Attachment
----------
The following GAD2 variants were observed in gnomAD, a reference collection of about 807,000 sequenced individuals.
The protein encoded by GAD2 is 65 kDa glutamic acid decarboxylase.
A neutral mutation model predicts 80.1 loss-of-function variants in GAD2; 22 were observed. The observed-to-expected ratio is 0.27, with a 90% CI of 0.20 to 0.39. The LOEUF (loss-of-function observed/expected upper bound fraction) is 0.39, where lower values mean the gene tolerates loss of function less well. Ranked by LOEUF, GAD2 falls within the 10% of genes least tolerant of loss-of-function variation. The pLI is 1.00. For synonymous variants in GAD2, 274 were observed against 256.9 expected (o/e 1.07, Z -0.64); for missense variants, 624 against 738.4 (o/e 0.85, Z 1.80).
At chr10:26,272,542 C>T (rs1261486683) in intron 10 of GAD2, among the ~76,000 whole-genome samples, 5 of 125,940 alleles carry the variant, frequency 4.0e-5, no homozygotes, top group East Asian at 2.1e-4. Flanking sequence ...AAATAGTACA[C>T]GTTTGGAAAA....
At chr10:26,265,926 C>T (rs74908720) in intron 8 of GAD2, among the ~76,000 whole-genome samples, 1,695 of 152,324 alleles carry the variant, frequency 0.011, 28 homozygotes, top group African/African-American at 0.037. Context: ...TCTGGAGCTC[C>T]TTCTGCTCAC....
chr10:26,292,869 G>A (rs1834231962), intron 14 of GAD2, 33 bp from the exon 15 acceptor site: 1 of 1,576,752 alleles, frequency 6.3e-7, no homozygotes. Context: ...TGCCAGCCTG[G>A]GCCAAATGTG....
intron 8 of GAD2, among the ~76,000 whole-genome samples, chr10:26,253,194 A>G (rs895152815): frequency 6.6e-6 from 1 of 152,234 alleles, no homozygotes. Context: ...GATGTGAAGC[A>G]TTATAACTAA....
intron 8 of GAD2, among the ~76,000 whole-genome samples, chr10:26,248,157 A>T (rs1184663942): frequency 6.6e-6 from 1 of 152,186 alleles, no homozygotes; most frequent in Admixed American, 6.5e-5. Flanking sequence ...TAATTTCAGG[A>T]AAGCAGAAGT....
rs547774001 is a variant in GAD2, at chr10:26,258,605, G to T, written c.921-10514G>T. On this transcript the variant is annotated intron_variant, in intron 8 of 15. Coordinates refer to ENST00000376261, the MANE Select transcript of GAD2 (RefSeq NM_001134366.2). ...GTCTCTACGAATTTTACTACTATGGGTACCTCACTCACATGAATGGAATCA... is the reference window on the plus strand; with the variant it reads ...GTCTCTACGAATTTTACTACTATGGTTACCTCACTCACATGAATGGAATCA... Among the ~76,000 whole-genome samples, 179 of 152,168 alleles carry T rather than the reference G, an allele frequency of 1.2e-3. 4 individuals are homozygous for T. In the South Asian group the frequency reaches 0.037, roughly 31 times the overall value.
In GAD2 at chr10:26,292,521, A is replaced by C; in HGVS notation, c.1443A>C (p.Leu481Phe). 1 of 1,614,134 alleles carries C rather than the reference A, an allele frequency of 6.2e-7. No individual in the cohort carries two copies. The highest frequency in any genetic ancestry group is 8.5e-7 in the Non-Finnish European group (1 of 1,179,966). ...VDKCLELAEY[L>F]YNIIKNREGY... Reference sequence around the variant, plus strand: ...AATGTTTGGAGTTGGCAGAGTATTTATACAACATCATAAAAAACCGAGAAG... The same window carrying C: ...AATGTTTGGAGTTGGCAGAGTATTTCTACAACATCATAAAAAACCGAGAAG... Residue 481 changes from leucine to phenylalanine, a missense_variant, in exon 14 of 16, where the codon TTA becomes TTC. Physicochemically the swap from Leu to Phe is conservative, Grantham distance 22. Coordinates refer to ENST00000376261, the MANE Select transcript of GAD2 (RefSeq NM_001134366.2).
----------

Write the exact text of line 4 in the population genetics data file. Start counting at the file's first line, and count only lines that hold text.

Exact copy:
At chr10:26,272,542 C>T (rs1261486683) in intron 10 of GAD2, among the ~76,000 whole-genome samples, 5 of 125,940 alleles carry the variant, frequency 4.0e-5, no homozygotes, top group East Asian at 2.1e-4. Flanking sequence ...AAATAGTACA[C>T]GTTTGGAAAA....